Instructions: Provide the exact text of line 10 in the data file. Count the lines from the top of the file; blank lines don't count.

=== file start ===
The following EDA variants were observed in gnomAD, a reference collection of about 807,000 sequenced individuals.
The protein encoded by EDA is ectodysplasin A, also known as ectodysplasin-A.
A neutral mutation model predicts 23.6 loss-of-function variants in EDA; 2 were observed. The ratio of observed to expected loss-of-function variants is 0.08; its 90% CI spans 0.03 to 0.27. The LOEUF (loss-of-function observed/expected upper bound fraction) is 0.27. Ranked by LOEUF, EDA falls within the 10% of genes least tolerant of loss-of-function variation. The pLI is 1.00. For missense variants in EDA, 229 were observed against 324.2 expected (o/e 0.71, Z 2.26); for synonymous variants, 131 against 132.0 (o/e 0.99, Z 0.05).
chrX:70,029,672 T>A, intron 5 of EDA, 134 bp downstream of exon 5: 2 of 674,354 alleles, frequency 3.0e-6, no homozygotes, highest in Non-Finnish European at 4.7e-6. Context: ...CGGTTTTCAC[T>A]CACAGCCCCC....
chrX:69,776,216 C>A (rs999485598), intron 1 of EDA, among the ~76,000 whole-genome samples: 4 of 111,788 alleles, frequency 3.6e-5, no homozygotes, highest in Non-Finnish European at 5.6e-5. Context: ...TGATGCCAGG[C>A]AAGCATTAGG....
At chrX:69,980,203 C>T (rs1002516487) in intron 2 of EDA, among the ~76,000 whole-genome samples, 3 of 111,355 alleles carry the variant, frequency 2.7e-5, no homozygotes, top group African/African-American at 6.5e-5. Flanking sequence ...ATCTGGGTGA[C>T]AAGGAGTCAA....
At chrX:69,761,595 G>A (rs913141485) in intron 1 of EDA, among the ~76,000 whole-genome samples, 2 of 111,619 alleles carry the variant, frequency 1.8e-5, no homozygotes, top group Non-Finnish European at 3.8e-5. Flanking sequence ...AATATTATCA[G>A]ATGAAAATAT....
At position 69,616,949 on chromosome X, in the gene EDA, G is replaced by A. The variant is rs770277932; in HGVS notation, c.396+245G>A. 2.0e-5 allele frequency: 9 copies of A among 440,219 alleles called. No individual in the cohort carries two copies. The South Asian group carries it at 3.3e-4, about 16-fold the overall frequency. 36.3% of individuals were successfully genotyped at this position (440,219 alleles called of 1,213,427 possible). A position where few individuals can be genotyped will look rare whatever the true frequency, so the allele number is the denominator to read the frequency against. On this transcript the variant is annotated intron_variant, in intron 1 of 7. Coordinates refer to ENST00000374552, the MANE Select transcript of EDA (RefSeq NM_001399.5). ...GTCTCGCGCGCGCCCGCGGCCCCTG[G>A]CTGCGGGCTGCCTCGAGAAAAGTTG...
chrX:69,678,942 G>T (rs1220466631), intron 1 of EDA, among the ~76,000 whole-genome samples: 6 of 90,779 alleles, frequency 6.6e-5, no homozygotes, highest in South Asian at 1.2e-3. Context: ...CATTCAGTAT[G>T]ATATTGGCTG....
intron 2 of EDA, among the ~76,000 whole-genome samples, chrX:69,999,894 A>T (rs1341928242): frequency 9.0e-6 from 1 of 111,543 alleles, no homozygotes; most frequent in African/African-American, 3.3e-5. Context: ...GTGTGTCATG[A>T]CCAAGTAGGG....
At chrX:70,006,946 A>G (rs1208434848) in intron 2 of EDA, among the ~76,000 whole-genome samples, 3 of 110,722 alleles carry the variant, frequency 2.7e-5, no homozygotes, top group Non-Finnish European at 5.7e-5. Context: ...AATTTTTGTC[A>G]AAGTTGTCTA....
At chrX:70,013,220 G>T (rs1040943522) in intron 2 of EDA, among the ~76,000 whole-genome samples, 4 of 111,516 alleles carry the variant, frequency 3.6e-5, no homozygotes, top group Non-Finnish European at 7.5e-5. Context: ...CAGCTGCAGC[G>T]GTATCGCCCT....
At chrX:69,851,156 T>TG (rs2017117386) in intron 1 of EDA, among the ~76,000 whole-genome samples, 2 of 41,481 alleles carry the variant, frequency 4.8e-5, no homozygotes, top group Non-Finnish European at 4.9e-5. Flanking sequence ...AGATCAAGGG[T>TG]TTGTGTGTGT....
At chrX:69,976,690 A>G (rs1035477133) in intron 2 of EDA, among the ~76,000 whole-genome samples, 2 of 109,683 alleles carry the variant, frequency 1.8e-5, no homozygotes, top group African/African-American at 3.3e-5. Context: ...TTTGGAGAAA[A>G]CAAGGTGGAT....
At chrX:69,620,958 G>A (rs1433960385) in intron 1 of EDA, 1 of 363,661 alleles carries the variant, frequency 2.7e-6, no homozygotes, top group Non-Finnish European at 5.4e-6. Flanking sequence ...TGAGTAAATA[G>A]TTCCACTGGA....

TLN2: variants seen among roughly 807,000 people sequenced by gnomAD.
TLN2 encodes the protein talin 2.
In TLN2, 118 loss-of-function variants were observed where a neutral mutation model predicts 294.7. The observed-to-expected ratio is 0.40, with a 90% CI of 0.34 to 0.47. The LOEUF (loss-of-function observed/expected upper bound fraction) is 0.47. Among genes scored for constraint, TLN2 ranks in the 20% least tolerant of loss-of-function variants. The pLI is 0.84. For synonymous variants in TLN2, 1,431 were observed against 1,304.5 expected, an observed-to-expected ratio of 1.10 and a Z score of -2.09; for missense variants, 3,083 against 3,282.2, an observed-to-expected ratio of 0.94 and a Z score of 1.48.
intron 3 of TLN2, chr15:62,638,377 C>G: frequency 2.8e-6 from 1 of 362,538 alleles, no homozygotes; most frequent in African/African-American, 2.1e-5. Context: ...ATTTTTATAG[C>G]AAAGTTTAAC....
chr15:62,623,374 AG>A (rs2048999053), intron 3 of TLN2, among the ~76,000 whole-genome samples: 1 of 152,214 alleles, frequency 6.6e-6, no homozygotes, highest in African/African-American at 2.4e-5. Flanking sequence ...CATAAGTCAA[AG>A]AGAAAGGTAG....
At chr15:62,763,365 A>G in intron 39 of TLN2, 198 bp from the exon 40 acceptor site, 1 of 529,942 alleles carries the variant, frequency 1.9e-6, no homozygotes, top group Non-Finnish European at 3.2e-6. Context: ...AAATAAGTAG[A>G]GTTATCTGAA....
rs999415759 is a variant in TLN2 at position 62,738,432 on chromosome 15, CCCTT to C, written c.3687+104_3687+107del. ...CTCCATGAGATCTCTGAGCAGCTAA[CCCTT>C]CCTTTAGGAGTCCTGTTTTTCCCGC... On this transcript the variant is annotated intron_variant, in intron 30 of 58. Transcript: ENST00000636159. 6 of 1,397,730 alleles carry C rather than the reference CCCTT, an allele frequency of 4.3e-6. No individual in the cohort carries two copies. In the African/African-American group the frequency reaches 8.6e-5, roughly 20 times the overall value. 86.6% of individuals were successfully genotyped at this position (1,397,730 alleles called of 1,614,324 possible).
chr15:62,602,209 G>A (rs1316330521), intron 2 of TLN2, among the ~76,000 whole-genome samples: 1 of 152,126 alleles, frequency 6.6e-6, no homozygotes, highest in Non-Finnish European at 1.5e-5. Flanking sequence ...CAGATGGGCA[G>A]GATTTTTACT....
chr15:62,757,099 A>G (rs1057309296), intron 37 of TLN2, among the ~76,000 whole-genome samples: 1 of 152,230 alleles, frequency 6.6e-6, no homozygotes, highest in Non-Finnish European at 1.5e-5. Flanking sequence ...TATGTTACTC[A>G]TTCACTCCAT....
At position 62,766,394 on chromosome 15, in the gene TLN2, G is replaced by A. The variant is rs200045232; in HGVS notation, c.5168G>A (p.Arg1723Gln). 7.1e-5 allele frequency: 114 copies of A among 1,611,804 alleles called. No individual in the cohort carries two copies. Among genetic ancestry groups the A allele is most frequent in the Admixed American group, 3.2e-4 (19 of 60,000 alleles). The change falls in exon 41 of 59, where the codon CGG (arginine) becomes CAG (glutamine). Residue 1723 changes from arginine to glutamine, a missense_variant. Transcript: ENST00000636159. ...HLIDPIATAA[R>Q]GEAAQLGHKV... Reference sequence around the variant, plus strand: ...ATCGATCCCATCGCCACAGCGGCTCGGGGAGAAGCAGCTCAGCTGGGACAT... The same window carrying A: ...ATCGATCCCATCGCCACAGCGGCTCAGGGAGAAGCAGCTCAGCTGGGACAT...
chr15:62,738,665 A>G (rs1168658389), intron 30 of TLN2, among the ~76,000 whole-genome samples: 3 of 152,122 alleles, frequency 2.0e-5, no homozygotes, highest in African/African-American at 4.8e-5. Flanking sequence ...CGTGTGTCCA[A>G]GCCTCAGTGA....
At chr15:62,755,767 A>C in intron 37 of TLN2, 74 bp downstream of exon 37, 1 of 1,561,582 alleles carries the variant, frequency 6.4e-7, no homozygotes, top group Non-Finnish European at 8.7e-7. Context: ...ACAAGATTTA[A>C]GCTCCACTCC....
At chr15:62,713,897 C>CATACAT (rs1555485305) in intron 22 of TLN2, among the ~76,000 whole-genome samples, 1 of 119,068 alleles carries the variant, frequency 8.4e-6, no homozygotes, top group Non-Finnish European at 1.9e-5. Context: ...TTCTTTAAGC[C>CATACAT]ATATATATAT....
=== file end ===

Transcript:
intron 2 of EDA, among the ~76,000 whole-genome samples, chrX:69,999,894 A>T (rs1341928242): frequency 9.0e-6 from 1 of 111,543 alleles, no homozygotes; most frequent in African/African-American, 3.3e-5. Context: ...GTGTGTCATG[A>T]CCAAGTAGGG....